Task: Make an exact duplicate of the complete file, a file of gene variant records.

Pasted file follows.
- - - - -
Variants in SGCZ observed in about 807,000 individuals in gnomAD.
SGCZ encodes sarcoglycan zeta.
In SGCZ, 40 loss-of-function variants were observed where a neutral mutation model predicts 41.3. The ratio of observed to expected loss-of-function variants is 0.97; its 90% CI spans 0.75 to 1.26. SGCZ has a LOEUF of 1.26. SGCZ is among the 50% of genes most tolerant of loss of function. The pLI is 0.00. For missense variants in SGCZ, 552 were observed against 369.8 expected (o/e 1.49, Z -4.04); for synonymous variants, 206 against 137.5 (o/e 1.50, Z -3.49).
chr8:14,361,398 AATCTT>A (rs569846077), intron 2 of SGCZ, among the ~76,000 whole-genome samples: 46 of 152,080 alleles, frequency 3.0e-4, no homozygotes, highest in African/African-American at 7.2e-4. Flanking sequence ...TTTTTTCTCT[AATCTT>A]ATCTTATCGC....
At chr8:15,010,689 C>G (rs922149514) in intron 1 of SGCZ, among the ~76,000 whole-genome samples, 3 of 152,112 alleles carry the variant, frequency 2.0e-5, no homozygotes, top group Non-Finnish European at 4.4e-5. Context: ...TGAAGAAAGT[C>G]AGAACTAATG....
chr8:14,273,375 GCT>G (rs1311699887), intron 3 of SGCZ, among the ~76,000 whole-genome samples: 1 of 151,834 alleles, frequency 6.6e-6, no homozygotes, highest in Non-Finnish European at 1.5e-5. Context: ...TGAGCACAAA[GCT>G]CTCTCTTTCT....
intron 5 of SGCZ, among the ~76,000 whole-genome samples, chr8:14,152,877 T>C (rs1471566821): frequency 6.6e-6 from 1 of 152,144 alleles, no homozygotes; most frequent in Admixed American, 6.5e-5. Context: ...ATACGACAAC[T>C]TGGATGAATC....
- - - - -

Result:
Variants in SGCZ observed in about 807,000 individuals in gnomAD.
SGCZ encodes sarcoglycan zeta.
In SGCZ, 40 loss-of-function variants were observed where a neutral mutation model predicts 41.3. The ratio of observed to expected loss-of-function variants is 0.97; its 90% CI spans 0.75 to 1.26. SGCZ has a LOEUF of 1.26. SGCZ is among the 50% of genes most tolerant of loss of function. The pLI is 0.00. For missense variants in SGCZ, 552 were observed against 369.8 expected (o/e 1.49, Z -4.04); for synonymous variants, 206 against 137.5 (o/e 1.50, Z -3.49).
chr8:14,361,398 AATCTT>A (rs569846077), intron 2 of SGCZ, among the ~76,000 whole-genome samples: 46 of 152,080 alleles, frequency 3.0e-4, no homozygotes, highest in African/African-American at 7.2e-4. Flanking sequence ...TTTTTTCTCT[AATCTT>A]ATCTTATCGC....
At chr8:15,010,689 C>G (rs922149514) in intron 1 of SGCZ, among the ~76,000 whole-genome samples, 3 of 152,112 alleles carry the variant, frequency 2.0e-5, no homozygotes, top group Non-Finnish European at 4.4e-5. Context: ...TGAAGAAAGT[C>G]AGAACTAATG....
chr8:14,273,375 GCT>G (rs1311699887), intron 3 of SGCZ, among the ~76,000 whole-genome samples: 1 of 151,834 alleles, frequency 6.6e-6, no homozygotes, highest in Non-Finnish European at 1.5e-5. Context: ...TGAGCACAAA[GCT>G]CTCTCTTTCT....
intron 5 of SGCZ, among the ~76,000 whole-genome samples, chr8:14,152,877 T>C (rs1471566821): frequency 6.6e-6 from 1 of 152,144 alleles, no homozygotes; most frequent in Admixed American, 6.5e-5. Context: ...ATACGACAAC[T>C]TGGATGAATC....